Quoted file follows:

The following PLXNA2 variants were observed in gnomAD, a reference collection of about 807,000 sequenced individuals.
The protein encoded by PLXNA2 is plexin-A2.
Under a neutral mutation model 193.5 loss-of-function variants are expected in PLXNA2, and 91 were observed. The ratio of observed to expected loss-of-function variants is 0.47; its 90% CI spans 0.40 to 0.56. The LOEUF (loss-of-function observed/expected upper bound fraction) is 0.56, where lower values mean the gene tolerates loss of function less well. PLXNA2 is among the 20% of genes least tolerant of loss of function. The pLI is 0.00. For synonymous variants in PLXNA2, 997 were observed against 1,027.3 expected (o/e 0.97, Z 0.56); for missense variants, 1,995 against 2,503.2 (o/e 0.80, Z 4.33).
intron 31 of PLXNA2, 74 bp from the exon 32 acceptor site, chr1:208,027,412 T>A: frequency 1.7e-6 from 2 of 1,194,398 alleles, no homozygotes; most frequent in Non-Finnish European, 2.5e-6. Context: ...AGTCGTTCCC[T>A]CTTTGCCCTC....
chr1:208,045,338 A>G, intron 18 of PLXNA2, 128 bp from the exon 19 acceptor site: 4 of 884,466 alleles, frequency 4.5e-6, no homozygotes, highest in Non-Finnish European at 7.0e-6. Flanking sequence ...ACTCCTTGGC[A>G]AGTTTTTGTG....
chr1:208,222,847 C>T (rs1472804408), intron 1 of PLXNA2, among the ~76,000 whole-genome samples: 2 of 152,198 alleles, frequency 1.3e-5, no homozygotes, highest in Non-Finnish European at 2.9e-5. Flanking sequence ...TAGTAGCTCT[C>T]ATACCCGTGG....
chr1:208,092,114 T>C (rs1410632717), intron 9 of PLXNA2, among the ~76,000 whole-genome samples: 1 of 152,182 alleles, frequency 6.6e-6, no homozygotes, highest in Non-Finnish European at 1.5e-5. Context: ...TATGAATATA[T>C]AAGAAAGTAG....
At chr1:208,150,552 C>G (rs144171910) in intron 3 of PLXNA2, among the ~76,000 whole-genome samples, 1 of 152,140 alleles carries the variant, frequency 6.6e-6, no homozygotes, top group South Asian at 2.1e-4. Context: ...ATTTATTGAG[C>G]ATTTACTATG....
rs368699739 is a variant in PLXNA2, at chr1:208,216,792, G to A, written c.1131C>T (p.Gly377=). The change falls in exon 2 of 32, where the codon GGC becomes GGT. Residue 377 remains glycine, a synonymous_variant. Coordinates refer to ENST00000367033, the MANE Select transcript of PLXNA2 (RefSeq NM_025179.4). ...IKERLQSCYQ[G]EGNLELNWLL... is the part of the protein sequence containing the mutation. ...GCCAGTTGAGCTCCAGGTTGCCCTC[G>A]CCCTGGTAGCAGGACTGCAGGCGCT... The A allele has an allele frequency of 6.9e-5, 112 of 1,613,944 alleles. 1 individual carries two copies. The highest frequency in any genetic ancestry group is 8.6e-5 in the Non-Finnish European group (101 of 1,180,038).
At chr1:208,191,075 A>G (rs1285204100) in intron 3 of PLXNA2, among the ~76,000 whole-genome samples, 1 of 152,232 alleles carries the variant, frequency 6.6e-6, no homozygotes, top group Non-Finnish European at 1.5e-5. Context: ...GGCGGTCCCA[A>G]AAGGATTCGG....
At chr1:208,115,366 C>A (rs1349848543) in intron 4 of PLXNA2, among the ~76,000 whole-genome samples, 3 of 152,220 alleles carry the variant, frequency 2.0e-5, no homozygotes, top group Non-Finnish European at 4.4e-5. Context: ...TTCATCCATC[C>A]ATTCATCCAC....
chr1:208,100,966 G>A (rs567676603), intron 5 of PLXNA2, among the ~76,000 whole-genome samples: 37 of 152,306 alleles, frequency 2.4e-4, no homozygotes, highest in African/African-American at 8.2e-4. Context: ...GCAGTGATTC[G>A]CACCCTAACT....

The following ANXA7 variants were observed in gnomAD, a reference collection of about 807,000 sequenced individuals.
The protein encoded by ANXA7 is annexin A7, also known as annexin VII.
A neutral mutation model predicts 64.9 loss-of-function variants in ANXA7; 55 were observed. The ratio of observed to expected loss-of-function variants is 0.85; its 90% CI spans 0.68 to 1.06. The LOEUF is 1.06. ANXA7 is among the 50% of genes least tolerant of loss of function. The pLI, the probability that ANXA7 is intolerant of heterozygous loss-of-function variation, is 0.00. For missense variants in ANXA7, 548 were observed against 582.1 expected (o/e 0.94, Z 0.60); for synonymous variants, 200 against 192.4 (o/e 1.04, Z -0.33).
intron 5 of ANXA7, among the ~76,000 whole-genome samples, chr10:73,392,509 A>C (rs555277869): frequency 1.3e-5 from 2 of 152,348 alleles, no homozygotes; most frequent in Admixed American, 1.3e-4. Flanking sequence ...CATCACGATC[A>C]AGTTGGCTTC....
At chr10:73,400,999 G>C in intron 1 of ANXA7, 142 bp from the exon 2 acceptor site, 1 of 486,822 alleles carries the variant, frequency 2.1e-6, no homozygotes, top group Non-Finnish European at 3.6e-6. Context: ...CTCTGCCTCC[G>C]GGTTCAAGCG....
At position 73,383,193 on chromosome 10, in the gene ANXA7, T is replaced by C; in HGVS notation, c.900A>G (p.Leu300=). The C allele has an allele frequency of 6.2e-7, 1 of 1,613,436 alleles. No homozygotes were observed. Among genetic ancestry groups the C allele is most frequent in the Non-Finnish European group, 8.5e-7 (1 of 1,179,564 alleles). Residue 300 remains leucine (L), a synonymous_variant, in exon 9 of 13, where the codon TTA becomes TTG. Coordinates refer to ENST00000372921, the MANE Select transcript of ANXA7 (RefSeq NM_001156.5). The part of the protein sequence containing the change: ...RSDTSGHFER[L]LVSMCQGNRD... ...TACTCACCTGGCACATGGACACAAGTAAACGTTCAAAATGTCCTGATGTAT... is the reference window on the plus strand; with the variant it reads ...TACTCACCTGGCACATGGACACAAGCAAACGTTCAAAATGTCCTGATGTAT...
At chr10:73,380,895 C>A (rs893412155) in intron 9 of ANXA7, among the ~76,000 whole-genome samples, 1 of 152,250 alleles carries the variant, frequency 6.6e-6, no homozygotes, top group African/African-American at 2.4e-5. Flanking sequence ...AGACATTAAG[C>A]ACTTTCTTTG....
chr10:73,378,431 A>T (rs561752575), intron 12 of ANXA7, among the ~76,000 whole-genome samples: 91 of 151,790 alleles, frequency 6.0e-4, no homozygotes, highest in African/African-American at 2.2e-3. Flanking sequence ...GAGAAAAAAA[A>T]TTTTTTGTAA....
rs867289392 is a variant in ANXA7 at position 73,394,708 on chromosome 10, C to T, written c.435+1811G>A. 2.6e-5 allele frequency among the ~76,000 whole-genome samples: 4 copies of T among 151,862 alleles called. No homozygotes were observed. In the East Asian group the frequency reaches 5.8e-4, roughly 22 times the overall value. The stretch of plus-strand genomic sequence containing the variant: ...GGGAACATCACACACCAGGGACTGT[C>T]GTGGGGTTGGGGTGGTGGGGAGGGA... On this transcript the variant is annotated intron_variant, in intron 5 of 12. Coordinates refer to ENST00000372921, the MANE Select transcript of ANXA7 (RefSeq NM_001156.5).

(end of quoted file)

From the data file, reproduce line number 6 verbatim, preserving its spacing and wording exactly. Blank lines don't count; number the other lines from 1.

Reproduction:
chr1:208,222,847 C>T (rs1472804408), intron 1 of PLXNA2, among the ~76,000 whole-genome samples: 2 of 152,198 alleles, frequency 1.3e-5, no homozygotes, highest in Non-Finnish European at 2.9e-5. Flanking sequence ...TAGTAGCTCT[C>T]ATACCCGTGG....